- The Washington Times - Thursday, November 9, 2006

Heidi Newbrough is a woman who knows what she likes.

Almost 30 years ago she informed her husband, Jack, that she wanted a sporty car. She just didn’t know what car.

Her husband, who at the time was working in the recreational vehicle department at Koons Pontiac Oldsmobile in Manassas, suggested a Corvette. With two children still at home, Mrs. Newbrough vetoed that idea.

On a brisk March day as the couple was motoring out on a car-shopping expedition, they stopped at a red light not far from their home.

Mrs. Newbrough pointed to a car in the crossing traffic and said, “That’s the car I want.”

The car that had arrested her attention was a 1977 Pontiac Trans Am complete with the enormous eagle decal on the engine hood.

If that’s what she wants, thought Mr. Newbrough, that’s what she’ll get. After all, how difficult can it be to get a white Trans Am?

As it turned out, the task was very difficult. His own dealership did not have one nor did any other nearby dealerships that could swap cars. Eventually Mr. Newbrough discovered that his dealership had ordered a white Trans Am that was due to be delivered sometime in July.

Because the order was already in the works, it was a simple matter to add some of the options that Mrs. Newbrough wanted.

On July 22, 1977 the car, with factory-installed glass T-tops in the roof, was delivered. With an employee price, the tab was $7,211.40 but once the delivery, title, tax and finance charges were added, the total came to $9,307.40.

Mr. Newbrough telephoned his wife to see if she wanted to drive her new car home. “No,” she responded, she was too busy.

So Mr. Newbrough put the first few miles on the Trans Am. For the records, Mrs. Newbrough was thrilled to see her new Pontiac with a 400-cubic-inch V-8 engine that is mated to a Turbo 350 Hydramatic transmission.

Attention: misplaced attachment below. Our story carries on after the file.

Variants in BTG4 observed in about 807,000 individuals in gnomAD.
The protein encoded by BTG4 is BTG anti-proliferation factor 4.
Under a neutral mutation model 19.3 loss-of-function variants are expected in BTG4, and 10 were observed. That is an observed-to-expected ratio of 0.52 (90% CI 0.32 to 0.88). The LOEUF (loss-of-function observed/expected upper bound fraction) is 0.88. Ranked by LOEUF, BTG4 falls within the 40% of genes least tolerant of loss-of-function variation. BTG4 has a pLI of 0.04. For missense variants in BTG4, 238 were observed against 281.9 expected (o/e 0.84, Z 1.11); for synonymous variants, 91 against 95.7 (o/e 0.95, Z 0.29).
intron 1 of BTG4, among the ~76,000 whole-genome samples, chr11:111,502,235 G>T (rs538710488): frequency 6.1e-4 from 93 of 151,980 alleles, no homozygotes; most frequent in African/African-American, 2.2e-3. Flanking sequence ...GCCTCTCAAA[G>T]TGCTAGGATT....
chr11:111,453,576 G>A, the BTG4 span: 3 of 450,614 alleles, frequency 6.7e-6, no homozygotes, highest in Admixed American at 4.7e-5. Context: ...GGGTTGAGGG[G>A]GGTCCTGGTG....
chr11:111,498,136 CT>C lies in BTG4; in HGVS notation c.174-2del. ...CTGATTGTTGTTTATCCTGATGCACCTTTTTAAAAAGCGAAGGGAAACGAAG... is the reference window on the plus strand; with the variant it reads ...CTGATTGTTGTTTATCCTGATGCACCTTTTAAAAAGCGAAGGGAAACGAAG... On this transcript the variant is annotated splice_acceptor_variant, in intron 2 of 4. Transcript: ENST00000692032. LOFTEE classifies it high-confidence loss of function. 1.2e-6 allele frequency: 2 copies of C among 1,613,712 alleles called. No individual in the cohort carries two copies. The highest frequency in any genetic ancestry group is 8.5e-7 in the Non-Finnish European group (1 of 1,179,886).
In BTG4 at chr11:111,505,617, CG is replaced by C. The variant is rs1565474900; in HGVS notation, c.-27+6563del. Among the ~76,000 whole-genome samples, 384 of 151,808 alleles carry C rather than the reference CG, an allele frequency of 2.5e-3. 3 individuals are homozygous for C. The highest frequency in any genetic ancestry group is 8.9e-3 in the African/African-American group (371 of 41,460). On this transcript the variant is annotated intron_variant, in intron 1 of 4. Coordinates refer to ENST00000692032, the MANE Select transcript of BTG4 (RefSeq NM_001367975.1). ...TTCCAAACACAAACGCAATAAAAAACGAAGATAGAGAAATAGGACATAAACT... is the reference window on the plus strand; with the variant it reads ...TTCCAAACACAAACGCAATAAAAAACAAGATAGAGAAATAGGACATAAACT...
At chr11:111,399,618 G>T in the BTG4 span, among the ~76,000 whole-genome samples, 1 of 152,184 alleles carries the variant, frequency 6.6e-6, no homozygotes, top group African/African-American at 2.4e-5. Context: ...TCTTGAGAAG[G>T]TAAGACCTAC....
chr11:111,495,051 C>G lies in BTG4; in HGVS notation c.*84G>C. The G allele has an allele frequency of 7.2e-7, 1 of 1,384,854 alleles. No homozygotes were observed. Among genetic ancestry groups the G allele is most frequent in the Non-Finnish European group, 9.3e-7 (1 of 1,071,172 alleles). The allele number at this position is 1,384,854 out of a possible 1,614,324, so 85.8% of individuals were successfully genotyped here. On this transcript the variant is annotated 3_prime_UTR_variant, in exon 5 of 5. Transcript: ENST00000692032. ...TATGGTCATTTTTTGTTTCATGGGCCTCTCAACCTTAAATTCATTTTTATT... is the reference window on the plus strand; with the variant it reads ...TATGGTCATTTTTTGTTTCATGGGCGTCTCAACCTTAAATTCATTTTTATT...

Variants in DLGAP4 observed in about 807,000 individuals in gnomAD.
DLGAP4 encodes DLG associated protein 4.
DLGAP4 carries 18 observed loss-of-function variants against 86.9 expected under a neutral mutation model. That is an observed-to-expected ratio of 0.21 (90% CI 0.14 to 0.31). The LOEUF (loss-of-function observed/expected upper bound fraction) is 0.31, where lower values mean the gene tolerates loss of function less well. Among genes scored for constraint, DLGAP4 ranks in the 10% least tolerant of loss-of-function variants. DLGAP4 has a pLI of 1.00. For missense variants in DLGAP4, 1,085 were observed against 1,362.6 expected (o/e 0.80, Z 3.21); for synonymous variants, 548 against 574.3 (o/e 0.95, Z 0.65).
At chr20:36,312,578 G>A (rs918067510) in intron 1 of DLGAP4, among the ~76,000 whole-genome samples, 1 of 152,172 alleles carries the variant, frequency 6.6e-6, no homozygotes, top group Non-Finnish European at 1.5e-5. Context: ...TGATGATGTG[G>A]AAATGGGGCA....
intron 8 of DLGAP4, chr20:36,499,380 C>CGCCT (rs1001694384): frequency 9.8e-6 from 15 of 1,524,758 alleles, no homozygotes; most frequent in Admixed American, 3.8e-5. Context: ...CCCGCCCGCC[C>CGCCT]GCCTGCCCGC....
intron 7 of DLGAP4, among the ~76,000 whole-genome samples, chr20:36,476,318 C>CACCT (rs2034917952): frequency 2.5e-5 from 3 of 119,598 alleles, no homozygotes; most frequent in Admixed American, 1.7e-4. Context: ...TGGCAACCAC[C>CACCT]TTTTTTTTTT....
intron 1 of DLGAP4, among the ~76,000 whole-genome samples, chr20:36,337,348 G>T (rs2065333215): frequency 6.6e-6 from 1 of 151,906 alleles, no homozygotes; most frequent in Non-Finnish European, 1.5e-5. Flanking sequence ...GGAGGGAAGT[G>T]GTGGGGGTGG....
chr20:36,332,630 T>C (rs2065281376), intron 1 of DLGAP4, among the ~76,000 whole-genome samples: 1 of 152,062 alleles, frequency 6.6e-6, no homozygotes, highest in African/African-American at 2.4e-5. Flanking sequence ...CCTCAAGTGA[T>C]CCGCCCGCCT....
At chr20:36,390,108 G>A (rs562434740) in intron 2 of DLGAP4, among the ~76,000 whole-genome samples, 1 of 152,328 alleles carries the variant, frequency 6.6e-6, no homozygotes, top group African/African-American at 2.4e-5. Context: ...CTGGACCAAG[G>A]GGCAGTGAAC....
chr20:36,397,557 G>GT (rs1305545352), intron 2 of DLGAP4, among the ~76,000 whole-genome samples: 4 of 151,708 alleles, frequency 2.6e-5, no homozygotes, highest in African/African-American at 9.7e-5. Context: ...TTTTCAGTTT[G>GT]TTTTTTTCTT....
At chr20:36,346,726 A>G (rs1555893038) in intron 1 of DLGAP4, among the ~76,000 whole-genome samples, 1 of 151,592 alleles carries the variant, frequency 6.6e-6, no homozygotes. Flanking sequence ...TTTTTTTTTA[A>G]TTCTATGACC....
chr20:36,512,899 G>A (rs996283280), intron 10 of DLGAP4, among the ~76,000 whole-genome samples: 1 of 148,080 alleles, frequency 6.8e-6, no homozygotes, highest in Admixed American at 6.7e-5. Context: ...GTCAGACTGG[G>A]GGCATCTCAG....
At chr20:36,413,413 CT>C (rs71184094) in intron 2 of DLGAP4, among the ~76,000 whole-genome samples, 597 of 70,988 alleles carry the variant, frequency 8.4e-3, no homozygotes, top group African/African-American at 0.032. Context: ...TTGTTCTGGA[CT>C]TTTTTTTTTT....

Since then, it has been her car. “I wanted something different,” she says.

The original honeycomb aluminum wheels have been placed in safe storage while more expendable custom mag wheels took their place.

A couple of years ago the interior was showing signs of wear so the white vinyl was replaced, as were the door panels and the red carpet. The original red dashboard is still in place and as a testament to the car always being garaged, the dashboard has not a single crack or blemish.

Despite the huge 400-cubic-inch V-8, with government-mandated emissions regulations, the engine produces less than 200 horsepower. Still, that is more than sufficient power to propel the 3,526-pound Pontiac. The speedometer can register speeds up to 100 mph while the 6,000 rpm tachometer red lines at 5,000 rpm.

The 6.6-liter engine runs cool as long as it has 21 quarts of coolant flowing through its passageways. A four-barrel Rochester Quadrajet carburetor feeds fuel from the 21-gallon gasoline tank to the engine.

The diameter of the three-spoke steering wheel is on the small side but with power-assisted steering the driver can thread a needle with the car.

As expected on a 30-year-old car, the exhaust system has been replaced from the manifold on back, including a catalytic converter and muffler.

Mrs. Newbrough reports that the farthest the car has been from its Manassas home was one 100-mile trip she and her husband took to Richmond. Other than that singular excursion, all of the 36,976 miles on the car have been accumulated on the streets of Manassas with Mrs. Newbrough at the wheel. Mr. Newbrough gets limited seat time at the steering wheel whenever he takes the car in for maintenance or to fill the gasoline tank. He proudly says that his wife’s car has never been run through a car wash. He performs that chore himself by hand.

About five years ago the paint was showing signs of being 24 years old so the Newbroughs turned to son Jimmy for an answer.

Their son paints cars at Mastercraft Auto Body in Manassas and resprayed his mother’s car with a three-stage white paint with the pink pearl metal flake clear coat that is on the car today.

T-tops on cars from that era were notorious for leaking but the ones on Mrs. Newbrough’s Trans Am have never leaked. “That’s because the car has never been in the rain,” Mr. Newbrough volunteers.

Even though 68,745 Pontiacs like hers were manufactured in the 1977 model year, this particular one is very special to Mrs. Newbrough. “I love that car,” she states emphatically.

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